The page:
Historic Districts From A-Z
1. Don't buy if you
can't stay put.
If you can't commit to remaining in one place for at
least a few years, then owning is probably not for you,
at least not yet. With the transaction costs of buying
and selling a home, you may end up losing money if you
sell any sooner.
2. Start by checking and increasing your credit
score, if necessary.
Since you most likely will need to get a mortgage to buy
a house, you must make sure your credit history is as
clean as possible. A few months before you start house
hunting, get copies of your credit report. Make sure the
facts are correct, and fix any problems you discover.
Credit reports are free from each bureau once annually.
3. Aim for a home you can really afford.
The rule of thumb is that you can buy housing that runs
two-and-one-half times your annual salary. But you'll do
better to use one of many calculators available online
to get a better handle on how your income, debts, and
expenses affect what you can afford.
4. Don't worry if you can't put down the usual 20%.
There are a variety of public and private lenders who,
if you qualify, offer low-interest mortgages that
require a down payment as small as 3% of the purchase
price. Also, there are MANNY wonderful first-time home
buyers' programs, many of which you probably don't know
about. Contact Laura B. today for more information on
these wonderful programs.
5. Buy in a district with good schools.
In most areas, this advice applies even if you don't
children. Reason: When it comes time to sell, you'll
learn that strong
school districts are a top priority for many home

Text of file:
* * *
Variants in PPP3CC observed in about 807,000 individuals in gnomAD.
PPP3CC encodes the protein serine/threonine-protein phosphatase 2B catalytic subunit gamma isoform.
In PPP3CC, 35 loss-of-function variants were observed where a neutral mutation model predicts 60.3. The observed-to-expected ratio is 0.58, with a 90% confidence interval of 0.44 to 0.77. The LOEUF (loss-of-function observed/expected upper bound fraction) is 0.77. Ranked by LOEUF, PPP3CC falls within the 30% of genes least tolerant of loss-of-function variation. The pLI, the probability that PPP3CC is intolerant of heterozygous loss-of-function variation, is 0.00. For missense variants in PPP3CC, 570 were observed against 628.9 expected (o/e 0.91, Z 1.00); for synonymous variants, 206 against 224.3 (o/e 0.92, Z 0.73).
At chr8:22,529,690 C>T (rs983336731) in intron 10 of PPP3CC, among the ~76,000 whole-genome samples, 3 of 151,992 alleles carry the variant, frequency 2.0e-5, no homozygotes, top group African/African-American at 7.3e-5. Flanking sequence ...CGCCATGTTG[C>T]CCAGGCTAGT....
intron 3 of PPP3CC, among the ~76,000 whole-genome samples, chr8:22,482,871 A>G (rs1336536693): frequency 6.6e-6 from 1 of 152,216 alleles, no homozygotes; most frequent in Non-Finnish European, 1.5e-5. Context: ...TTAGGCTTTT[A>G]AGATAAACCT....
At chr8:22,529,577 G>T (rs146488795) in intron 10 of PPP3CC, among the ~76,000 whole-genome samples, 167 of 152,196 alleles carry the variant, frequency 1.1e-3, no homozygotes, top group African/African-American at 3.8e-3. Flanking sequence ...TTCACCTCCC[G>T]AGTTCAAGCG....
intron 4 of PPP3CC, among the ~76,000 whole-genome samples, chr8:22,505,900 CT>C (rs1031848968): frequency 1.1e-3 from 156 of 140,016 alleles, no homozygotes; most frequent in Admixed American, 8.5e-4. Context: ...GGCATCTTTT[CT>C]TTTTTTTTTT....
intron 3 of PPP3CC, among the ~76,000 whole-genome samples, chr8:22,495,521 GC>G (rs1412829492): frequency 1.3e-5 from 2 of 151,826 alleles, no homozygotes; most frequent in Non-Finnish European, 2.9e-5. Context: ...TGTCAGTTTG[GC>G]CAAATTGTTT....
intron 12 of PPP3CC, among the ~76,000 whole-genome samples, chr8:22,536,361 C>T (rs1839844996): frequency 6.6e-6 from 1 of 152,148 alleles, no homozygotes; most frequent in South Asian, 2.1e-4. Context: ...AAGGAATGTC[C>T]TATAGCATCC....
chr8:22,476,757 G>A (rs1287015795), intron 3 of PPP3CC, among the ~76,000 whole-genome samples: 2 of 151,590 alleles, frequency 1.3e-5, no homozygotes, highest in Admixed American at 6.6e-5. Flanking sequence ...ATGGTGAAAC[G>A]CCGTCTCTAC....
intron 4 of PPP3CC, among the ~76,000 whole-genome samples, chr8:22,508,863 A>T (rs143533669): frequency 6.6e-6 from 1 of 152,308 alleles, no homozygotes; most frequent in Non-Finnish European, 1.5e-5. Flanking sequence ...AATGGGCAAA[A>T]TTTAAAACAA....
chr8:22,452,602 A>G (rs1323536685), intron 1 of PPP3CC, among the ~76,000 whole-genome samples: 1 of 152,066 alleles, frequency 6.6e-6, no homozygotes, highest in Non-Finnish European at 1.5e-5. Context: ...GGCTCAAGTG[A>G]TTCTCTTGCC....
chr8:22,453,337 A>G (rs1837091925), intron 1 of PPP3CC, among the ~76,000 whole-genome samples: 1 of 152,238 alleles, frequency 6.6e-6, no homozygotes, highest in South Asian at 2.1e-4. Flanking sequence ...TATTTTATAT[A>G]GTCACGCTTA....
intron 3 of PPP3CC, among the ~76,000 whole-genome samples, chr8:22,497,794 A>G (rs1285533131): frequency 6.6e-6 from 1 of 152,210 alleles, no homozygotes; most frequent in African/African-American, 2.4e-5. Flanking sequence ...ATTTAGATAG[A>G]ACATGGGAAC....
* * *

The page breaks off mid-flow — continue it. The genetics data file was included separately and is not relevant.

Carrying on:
buyers, thus helping to boost property values.
6. Get professional help.
Even though the Internet gives buyers unprecedented
access to home listings, most new buyers (and many more
experienced ones) are better off using a professional
agent. Look for an exclusive buyer agent, if possible,
who will have your interests at heart and can help you
with strategies during the bidding process.
7. Choose carefully between points and rate.
When picking a mortgage, you usually have the option of
paying additional points (a portion of the interest that
you pay at closing) in exchange for a lower interest
rate. If you stay in the house for a long time, say five
to seven years or more, it's usually a better deal to
take the points. The lower interest rate will save you
more in the long run.
8. Before house hunting, get pre-approved.
Getting pre-approved will you save yourself the grief of
looking at houses you can't afford and put you in a
better position to make a serious offer when you do find
the right house. Not to be confused with
pre-qualification, which is based on a cursory review of
your finances, pre-approval from a lender is based on
your actual income, debt and credit history. This is a
9. Do your homework before bidding.
Make your agent do this for you. This is all part of
their job. Whether you use me or not, make sure your
agent is doing this very important part of the buying
process. Your opening bid should be based on the sales
trend of similar homes in the neighborhood. So before
making it, consider sales of similar homes in the last
three months. If homes have recently sold at 5% less
than the asking price, you & your agent should make a
bid that's about eight to 10% lower than what the seller
10. Hire a home inspector.
Sure, your lender will require a home appraisal anyway.
But that's just the bank's way of determining whether
the house is worth the price you've agreed to pay.
Separately, you should hire your own home inspector,
preferably an engineer with experience in doing home
surveys in the area where you are buying. His or her job
will be to point out potential problems that could
require costly repairs down the road.
Process of Buying a Historic Phoenix Home
Buy a Home
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Choosing A Phoenix Historic Homes Realtor
10 Reasons Why You Should
Move to Phoenix, Arizona
read "What You Can Expect From Laura B."
For More Articles,
News & Stories, Go to My Historic Phoenix Blog
10 things to know and to do when buying a home
For first-Time Home Buyers
Historical Homes Districts
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5225 N. Central Ave. #104
Phoenix, AZ 85012